A commitment to create a marine protected area around Cocos Island fell through, though the country’s new government may take another look.
Two years ago, former Costa Rican President Luis Guillermo Solís made international news by committing to a 4,000-square-mile expansion of the marine protected area around the extraordinarily biodiverse waters of Cocos Island National Park, a UNESCO World Heritage Site located 330 miles (532 kilometers) off Costa Rica’s Pacific coast. The shark-rich region is plagued by illegal fishing and shark finning operations. But on leaving office last May, Solís failed to enact the protection conservationists say is needed.
Political leaders should be accountable for their commitments, said Enric Sala, a National Geographic Explorer-in-Residence who has worked with Costa Rican officials for a number of years on ocean conservation. The proposed marine protected area (MPA) would have benefited Costa Rican fishers in the long term, but local fishing interests threatened to shut down ports and Solís backed down, said Sala.
However, there is hope the country’s new government will chart a different course. In a recent meeting at National Geographic Society’s offices in Washington, newly elected Costa Rican President Carlos Alvarado and Minister of Environment Carlos Manuel Rodriguez indicated that they want to add five new MPAs, said Sala.
Costa Rica has a longstanding reputation as a conservation and environmental leader on land, but barely one percent of its marine Exclusive Economic Zone (EEZ) is fully protected—despite an international commitment to expand this to 10 percent by 2020.
Cocos Island, said to be the inspiration for the jungle island in the movie Jurassic Park, is the only visible part of an undersea mountain range rising 5,000 feet from the sea floor. The island is made of black volcanic rock with steep cliffs and is draped in waterfalls and lush vegetation, including the only cloud forest on an island in the East Pacific.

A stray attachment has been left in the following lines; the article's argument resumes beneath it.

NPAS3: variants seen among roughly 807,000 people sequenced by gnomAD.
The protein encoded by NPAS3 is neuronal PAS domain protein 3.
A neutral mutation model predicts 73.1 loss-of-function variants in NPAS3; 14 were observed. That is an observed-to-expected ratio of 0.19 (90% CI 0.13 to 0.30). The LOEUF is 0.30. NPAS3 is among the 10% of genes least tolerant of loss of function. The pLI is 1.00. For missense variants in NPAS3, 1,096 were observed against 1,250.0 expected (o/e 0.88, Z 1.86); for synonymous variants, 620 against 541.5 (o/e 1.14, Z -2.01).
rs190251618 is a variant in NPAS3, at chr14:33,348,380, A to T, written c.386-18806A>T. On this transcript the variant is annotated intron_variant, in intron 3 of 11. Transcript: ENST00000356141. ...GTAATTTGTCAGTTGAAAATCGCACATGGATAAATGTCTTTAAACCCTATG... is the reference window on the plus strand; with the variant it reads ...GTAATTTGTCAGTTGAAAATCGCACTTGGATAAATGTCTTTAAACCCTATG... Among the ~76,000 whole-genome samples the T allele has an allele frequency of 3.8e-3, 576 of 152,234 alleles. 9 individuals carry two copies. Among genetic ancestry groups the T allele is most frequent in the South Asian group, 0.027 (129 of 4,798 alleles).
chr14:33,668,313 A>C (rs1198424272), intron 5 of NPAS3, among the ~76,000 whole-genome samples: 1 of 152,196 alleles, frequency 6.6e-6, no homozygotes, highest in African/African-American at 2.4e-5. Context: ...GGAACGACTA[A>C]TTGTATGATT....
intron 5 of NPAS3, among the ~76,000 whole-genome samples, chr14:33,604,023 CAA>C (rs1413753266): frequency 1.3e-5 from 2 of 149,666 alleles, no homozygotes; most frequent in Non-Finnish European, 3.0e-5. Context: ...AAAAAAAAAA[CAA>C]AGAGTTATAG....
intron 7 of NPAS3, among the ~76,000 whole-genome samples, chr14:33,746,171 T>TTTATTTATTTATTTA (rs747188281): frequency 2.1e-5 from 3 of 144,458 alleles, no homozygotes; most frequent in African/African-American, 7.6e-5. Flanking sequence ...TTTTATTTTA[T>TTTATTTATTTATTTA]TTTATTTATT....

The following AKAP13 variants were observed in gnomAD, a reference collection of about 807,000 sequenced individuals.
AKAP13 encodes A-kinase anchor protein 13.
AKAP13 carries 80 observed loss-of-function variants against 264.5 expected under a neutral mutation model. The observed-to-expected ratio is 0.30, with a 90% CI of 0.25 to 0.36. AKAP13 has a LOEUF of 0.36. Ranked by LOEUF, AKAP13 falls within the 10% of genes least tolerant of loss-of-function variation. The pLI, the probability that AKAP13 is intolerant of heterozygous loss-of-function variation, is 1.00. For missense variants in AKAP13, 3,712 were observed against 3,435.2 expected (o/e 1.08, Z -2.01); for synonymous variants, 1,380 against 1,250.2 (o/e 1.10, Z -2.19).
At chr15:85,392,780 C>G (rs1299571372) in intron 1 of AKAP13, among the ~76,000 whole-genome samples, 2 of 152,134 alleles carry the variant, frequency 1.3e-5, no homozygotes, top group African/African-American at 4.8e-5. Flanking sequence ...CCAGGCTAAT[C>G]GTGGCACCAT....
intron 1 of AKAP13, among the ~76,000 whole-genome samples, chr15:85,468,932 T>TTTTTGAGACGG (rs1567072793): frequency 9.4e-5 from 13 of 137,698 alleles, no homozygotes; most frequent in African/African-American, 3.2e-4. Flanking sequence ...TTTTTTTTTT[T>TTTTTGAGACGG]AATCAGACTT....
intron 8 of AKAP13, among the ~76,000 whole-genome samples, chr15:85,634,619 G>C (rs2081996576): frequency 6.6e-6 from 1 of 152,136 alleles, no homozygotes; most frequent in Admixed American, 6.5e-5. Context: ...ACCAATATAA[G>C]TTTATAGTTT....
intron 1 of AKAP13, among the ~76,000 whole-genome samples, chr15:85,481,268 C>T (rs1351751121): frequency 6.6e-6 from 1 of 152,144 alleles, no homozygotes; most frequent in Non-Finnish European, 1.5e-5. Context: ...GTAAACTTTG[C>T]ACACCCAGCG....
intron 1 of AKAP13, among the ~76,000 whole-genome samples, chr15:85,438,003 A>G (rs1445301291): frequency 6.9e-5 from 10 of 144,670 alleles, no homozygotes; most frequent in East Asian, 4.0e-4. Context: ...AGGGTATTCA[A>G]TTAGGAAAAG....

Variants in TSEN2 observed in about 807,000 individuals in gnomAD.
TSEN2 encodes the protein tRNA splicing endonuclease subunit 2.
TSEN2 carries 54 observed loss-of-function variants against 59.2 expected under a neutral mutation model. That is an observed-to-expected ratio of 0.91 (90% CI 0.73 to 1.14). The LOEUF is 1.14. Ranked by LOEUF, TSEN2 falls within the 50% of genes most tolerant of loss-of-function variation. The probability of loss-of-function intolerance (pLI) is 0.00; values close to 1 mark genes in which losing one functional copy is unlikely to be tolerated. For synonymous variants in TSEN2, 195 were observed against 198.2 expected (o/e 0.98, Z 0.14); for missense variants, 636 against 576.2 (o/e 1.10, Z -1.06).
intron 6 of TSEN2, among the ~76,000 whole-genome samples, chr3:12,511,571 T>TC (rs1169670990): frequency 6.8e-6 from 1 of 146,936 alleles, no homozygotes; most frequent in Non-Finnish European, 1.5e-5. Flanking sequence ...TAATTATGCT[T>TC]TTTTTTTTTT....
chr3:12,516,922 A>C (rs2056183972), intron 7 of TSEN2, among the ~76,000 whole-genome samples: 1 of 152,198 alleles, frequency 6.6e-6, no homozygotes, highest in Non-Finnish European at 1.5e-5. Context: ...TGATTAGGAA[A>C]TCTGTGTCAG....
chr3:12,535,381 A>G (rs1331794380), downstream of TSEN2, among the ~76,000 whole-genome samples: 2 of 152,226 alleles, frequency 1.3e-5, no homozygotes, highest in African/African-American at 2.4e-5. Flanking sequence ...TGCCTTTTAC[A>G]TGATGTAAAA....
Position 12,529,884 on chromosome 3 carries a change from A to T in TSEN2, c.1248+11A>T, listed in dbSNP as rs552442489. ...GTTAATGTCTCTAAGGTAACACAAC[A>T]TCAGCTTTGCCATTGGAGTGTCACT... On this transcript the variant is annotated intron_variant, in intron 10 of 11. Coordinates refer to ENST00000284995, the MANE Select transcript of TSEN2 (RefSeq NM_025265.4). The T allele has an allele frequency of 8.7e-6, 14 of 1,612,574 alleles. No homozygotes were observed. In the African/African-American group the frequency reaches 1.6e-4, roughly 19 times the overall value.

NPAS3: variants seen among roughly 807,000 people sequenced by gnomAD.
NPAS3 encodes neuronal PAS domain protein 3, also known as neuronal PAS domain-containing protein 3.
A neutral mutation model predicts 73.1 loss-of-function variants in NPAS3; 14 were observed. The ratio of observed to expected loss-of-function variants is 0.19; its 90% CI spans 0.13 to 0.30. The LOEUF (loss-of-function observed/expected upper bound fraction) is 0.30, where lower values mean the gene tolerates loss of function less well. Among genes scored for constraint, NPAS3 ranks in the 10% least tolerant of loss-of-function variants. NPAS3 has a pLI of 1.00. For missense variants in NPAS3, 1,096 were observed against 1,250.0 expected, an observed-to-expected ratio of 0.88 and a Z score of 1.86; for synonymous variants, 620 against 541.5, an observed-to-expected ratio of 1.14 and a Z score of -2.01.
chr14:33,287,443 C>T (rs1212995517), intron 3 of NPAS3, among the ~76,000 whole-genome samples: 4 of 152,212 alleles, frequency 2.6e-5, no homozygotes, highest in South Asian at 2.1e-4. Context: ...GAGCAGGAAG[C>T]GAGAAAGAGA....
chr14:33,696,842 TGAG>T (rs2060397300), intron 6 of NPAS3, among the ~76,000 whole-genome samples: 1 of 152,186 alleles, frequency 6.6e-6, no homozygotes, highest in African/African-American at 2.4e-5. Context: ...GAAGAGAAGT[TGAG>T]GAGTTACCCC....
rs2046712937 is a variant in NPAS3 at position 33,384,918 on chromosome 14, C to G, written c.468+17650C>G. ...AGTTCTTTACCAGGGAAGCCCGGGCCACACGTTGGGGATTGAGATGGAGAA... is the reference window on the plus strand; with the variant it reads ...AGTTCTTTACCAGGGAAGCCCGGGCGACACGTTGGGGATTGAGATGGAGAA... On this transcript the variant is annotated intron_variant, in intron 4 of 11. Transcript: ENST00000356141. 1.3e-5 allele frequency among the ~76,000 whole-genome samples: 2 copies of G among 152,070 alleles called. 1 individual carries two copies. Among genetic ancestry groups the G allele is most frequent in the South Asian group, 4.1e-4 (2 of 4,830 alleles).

“Cocos Island is one of the most amazing places in the world,” said Sala.
Slipping under water around Cocos is like travelling back in time 400 or 500 years, he said. A time when the oceans were filled with an astonishing variety and abundance of creatures, including „sea monsters,“ such as 60-foot whale sharks and giant manta rays 20 feet across. Only accessible by a 35-hour boat trip, this remote location—combined with nutrient-rich currents colliding with the undersea mountains—has large populations of ocean predators, especially sharks like hammerheads.
This makes Cocos a top destination for diving—but also for fishing fleets. The region’s remoteness makes it hard to prevent illegal fishing there. And even legal fishing can spill into the restricted zone or harm nontarget wildlife in the area. Longline fishing uses a main line that can stretch 30 miles or more, with as many as 12,000 baited hooks hanging down from branch lines of various lengths. The no-fishing zone around Cocos is small, at 12 nautical miles in diameter, and longlines often drift well inside its boundaries—catching not only sharks and tuna but also snagging turtles, seabirds, and dozens of other non-target species.
Foreign ships fishing for tuna illegally inside the Cocos protected area have been documented using data from Global Fishing Watch, a satellite-monitoring platform, said Carlos Manuel Uribe, president of Foundation Friends of Cocos Island (Faico), a local non-profit dedicated to the protection of the park.
These data, combined with other sources, reveal excessive fishing pressure in Costa Rica’s EEZ, mainly by foreign fleets, much of which is illegal, according to a new report (only in Spanish) prepared for Faico.
The report authors also could not find a single record of a boarding or detention of an industrial fishing vessel, domestic or foreign, between January 2012 and July 2017.
Improving enforcement and reducing illegal fishing could benefit the local fleet, which could switch from shark finning to catching tuna using more sustainable methods than longlines, says Uribe. The expansion of the Cocos MPA banning fishing would increase the quantities of fish outside the area in what’s known as a spillover effect.
This year, the U.S. government donated three former Coast Guard 110-foot patrol boats to help Costa Rica curtail illegal fishing, as well as drug trafficking.
“Two years ago, Indonesia started arresting and sinking ships for illegal fishing and now foreign fishing fleets avoid its waters,” said Sala. “Enforcement works.”